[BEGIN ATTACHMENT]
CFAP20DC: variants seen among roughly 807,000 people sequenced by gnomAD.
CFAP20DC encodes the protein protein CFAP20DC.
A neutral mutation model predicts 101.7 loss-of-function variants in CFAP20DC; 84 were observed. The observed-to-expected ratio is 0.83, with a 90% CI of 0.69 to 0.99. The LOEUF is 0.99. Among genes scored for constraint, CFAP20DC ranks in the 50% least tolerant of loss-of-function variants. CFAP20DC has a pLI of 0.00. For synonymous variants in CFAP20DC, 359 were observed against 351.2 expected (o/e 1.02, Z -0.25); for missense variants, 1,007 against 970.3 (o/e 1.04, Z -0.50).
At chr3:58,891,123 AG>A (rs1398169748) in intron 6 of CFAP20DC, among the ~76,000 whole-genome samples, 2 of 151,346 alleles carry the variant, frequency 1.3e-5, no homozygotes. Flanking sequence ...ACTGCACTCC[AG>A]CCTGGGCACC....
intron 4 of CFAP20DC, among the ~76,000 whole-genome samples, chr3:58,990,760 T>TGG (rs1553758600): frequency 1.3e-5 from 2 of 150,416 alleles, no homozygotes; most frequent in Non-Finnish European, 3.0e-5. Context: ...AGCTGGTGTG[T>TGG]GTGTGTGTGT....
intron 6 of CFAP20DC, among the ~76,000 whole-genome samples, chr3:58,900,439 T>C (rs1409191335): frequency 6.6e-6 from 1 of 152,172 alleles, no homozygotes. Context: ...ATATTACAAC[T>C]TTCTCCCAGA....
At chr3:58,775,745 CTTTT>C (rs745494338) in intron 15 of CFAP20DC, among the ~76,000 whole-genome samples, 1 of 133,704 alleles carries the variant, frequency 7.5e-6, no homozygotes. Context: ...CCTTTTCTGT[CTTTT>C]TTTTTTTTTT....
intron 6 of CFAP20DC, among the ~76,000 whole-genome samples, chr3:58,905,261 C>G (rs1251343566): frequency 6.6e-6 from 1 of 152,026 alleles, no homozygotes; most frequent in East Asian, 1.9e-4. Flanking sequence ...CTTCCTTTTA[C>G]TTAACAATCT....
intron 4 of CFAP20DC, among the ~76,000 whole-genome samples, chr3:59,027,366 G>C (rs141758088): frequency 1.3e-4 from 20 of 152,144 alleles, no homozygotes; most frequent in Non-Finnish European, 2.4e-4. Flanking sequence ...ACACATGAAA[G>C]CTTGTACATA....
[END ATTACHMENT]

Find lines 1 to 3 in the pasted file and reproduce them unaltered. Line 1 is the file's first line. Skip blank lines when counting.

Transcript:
CFAP20DC: variants seen among roughly 807,000 people sequenced by gnomAD.
CFAP20DC encodes the protein protein CFAP20DC.
A neutral mutation model predicts 101.7 loss-of-function variants in CFAP20DC; 84 were observed. The observed-to-expected ratio is 0.83, with a 90% CI of 0.69 to 0.99. The LOEUF is 0.99. Among genes scored for constraint, CFAP20DC ranks in the 50% least tolerant of loss-of-function variants. CFAP20DC has a pLI of 0.00. For synonymous variants in CFAP20DC, 359 were observed against 351.2 expected (o/e 1.02, Z -0.25); for missense variants, 1,007 against 970.3 (o/e 1.04, Z -0.50).